Wrong person could give the right lesson
Though William Shakespeare's entire oeuvre - 37 plays and 154 sonnets - is brimful with words of wisdom for every stage and situation of human existence
Though William Shakespeare's entire oeuvre - 37 plays and 154 sonnets - is brimful with words of wisdom for every stage and situation of human existence, one of the most quoted aphorisms is: 'Always the wrong person gives you the right lesson in life.'
It may sound a bit contradictory and even oxymoronic at first blush, but it's pregnant with profound wisdom.
Life never teaches us straight; we learn lessons in a roundabout manner through contrasts and contradictions. Greek poet Pindar said, "Grateful to fools, for they teach me what's foolishness."
Wisdom always comes from the most unexpected and undesirable source. There's a beautiful story in Dhammapitak. One day, the Buddha was sitting with his disciples.
They saw a man being led to the scaffold to be executed. Vaishampayan, a disciple, asked the Buddha, "Master, isn't this man totally useless for, he'll soon be decapitated for committing a heinous crime? "
The ever-placid and stoic Buddha said, "Son, even his ostensibly meaningless life has a profound purpose. His violent end serves a purpose to all, that if his ways are followed, the same horrendous fate will befall others. So refrain from committing crimes and wrongdoings."
We learn more from foes than from friends. Lying on a bed of arrows, the grand patriarch, Bhishma, told Arjuna that the extreme collective dishonesty and knavery of the Kauravas reveal that humans can rise to the highest and most sublime level and they can also stoop to the lowest, the nadir.
Since the Kauravas hit the pit in committing all sorts of wrongdoings, their fate was also sealed. We, therefore, should be thankful even to the wrong persons in our lives, for they unwittingly teach us something invaluable.
To quote Urdu poet Anand Narayan Mulla, "However, I'm thankful to that jilt / Who, despite breaking my heart, taught me a precious lesson."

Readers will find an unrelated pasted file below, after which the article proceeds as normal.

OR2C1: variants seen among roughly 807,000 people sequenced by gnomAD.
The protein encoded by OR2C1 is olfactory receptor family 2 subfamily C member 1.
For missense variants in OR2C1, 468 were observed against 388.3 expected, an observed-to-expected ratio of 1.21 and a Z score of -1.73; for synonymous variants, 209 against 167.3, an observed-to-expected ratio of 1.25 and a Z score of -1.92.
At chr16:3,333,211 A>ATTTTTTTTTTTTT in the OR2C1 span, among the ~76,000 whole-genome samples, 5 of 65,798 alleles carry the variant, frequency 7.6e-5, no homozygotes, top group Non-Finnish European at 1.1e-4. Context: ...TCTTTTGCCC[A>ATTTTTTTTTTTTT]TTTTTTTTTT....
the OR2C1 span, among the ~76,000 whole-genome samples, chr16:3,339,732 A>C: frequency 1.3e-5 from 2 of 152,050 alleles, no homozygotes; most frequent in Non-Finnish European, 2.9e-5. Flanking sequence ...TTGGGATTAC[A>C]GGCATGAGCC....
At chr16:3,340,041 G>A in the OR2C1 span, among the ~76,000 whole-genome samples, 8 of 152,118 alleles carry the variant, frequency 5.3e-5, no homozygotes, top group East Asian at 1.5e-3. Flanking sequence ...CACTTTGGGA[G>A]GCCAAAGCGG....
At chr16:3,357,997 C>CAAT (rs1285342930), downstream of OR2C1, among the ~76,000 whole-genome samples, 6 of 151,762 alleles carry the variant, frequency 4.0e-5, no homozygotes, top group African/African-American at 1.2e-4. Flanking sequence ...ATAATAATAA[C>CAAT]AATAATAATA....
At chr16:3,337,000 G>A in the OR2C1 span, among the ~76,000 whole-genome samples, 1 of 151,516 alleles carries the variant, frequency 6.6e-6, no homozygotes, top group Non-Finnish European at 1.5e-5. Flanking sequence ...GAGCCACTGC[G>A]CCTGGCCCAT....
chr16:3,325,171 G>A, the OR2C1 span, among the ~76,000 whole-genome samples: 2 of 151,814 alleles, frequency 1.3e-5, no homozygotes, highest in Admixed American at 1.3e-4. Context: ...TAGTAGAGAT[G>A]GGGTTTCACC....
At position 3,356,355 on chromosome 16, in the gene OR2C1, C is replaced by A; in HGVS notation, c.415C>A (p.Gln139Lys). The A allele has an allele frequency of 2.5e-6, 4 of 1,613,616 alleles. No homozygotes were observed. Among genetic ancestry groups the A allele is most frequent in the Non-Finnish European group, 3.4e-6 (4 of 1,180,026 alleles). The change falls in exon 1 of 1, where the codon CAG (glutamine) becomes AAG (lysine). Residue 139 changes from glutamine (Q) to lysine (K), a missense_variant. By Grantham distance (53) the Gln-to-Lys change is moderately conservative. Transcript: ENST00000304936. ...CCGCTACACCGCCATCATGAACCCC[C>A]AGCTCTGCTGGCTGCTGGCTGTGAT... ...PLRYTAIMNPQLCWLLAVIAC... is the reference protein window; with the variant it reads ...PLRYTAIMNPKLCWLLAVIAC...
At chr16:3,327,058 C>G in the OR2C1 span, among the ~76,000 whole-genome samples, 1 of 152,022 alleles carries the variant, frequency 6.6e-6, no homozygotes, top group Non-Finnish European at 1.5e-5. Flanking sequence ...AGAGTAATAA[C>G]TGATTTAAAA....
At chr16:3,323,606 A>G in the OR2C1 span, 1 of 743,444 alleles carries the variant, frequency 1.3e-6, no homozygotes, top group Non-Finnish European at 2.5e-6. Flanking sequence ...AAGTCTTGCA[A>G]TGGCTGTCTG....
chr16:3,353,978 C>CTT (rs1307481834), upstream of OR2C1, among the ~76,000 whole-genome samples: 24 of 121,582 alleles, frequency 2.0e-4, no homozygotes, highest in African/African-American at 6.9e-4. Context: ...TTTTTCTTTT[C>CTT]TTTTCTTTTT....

Psychologically speaking, stark contrasts bring out the sublime. Only the Stygian darkness paves the way for a golden dawn. "Gham jab had se zyada ho, khushi nazdeek hoti hai / Chamakte hain sitare raat, jab taareek hoti hai" – 'When pain is unbearable, rest assured, happiness is round the corner /Just like, stars glitter most brightly when the night is pitch-dark.'
Most of O' Henry's life-transforming stories were written in different penitentiaries because the great raconteur was a habitual offender and was known as 'gaol bird'!
The great Roman poet of the Augustan period and the 'Star of Latin Poetry', Virgil, was the first individual in recorded history to raise his voice against capital punishment more than two millennia ago.
And who was Virgil in addition to being a legendary poet? According to Robin Lane Fox, in 'Pagans & Christians', "Virgil was also a part-time executioner, who executed many convicts and himself lived a somewhat dubious life!" Ronald Syme called Virgil, 'a debauched poetic genius' in his book, 'The Roman Revolution.'
Ken Slater wrote of Byron, "He left a name to all succeeding times / Linked with one virtue and a thousand crimes." Byron's sole virtue was his astounding poetry that stands the test of time and clime.
To encapsulate, we're all eternal learners and we get to learn the best lessons from the 'worst' of men. So be open to learning from all. Wisdom can come from anywhere, any time.